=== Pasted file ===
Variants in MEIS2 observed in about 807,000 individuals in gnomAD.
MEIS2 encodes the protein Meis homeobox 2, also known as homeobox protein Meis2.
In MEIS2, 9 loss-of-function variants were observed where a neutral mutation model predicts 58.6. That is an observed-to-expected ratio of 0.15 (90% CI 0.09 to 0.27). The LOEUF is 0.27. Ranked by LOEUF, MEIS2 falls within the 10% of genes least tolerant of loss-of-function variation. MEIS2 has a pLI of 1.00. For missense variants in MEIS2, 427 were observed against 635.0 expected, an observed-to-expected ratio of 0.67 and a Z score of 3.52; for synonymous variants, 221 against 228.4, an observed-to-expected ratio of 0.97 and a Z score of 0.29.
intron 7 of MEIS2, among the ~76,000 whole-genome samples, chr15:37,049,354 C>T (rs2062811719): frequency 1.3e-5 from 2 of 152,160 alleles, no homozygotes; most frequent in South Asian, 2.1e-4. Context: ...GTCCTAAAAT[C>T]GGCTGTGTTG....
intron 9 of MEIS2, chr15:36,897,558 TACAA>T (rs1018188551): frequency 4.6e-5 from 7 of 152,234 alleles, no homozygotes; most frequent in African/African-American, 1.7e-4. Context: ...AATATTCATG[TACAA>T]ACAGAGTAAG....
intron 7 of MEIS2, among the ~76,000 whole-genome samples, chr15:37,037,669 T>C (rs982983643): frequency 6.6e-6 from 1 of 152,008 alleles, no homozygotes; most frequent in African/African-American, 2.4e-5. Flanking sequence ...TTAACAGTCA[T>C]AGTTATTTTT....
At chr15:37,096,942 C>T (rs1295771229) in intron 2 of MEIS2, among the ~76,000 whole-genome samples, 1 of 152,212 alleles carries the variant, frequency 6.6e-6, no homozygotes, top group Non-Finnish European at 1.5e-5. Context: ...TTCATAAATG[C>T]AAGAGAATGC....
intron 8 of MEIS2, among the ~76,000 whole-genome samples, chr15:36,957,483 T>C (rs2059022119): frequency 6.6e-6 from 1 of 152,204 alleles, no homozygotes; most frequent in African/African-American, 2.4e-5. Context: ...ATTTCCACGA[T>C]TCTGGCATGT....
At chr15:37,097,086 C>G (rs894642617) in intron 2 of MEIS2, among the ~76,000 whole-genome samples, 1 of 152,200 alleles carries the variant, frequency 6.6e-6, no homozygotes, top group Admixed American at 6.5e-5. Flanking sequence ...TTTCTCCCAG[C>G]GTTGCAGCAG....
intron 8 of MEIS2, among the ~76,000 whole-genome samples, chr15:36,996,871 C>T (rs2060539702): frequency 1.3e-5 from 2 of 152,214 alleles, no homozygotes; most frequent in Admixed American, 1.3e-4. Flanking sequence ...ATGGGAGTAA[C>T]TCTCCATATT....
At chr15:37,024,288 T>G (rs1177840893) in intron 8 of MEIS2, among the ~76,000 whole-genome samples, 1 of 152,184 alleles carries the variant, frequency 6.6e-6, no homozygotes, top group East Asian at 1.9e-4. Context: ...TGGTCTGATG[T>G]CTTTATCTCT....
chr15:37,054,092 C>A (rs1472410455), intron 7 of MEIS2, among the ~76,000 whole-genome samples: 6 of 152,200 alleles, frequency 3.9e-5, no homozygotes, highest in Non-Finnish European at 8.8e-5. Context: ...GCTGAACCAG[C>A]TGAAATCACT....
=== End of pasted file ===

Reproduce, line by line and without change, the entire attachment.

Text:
Variants in MEIS2 observed in about 807,000 individuals in gnomAD.
MEIS2 encodes the protein Meis homeobox 2, also known as homeobox protein Meis2.
In MEIS2, 9 loss-of-function variants were observed where a neutral mutation model predicts 58.6. That is an observed-to-expected ratio of 0.15 (90% CI 0.09 to 0.27). The LOEUF is 0.27. Ranked by LOEUF, MEIS2 falls within the 10% of genes least tolerant of loss-of-function variation. MEIS2 has a pLI of 1.00. For missense variants in MEIS2, 427 were observed against 635.0 expected, an observed-to-expected ratio of 0.67 and a Z score of 3.52; for synonymous variants, 221 against 228.4, an observed-to-expected ratio of 0.97 and a Z score of 0.29.
intron 7 of MEIS2, among the ~76,000 whole-genome samples, chr15:37,049,354 C>T (rs2062811719): frequency 1.3e-5 from 2 of 152,160 alleles, no homozygotes; most frequent in South Asian, 2.1e-4. Context: ...GTCCTAAAAT[C>T]GGCTGTGTTG....
intron 9 of MEIS2, chr15:36,897,558 TACAA>T (rs1018188551): frequency 4.6e-5 from 7 of 152,234 alleles, no homozygotes; most frequent in African/African-American, 1.7e-4. Context: ...AATATTCATG[TACAA>T]ACAGAGTAAG....
intron 7 of MEIS2, among the ~76,000 whole-genome samples, chr15:37,037,669 T>C (rs982983643): frequency 6.6e-6 from 1 of 152,008 alleles, no homozygotes; most frequent in African/African-American, 2.4e-5. Flanking sequence ...TTAACAGTCA[T>C]AGTTATTTTT....
At chr15:37,096,942 C>T (rs1295771229) in intron 2 of MEIS2, among the ~76,000 whole-genome samples, 1 of 152,212 alleles carries the variant, frequency 6.6e-6, no homozygotes, top group Non-Finnish European at 1.5e-5. Context: ...TTCATAAATG[C>T]AAGAGAATGC....
intron 8 of MEIS2, among the ~76,000 whole-genome samples, chr15:36,957,483 T>C (rs2059022119): frequency 6.6e-6 from 1 of 152,204 alleles, no homozygotes; most frequent in African/African-American, 2.4e-5. Context: ...ATTTCCACGA[T>C]TCTGGCATGT....
At chr15:37,097,086 C>G (rs894642617) in intron 2 of MEIS2, among the ~76,000 whole-genome samples, 1 of 152,200 alleles carries the variant, frequency 6.6e-6, no homozygotes, top group Admixed American at 6.5e-5. Flanking sequence ...TTTCTCCCAG[C>G]GTTGCAGCAG....
intron 8 of MEIS2, among the ~76,000 whole-genome samples, chr15:36,996,871 C>T (rs2060539702): frequency 1.3e-5 from 2 of 152,214 alleles, no homozygotes; most frequent in Admixed American, 1.3e-4. Flanking sequence ...ATGGGAGTAA[C>T]TCTCCATATT....
At chr15:37,024,288 T>G (rs1177840893) in intron 8 of MEIS2, among the ~76,000 whole-genome samples, 1 of 152,184 alleles carries the variant, frequency 6.6e-6, no homozygotes, top group East Asian at 1.9e-4. Context: ...TGGTCTGATG[T>G]CTTTATCTCT....
chr15:37,054,092 C>A (rs1472410455), intron 7 of MEIS2, among the ~76,000 whole-genome samples: 6 of 152,200 alleles, frequency 3.9e-5, no homozygotes, highest in Non-Finnish European at 8.8e-5. Context: ...GCTGAACCAG[C>A]TGAAATCACT....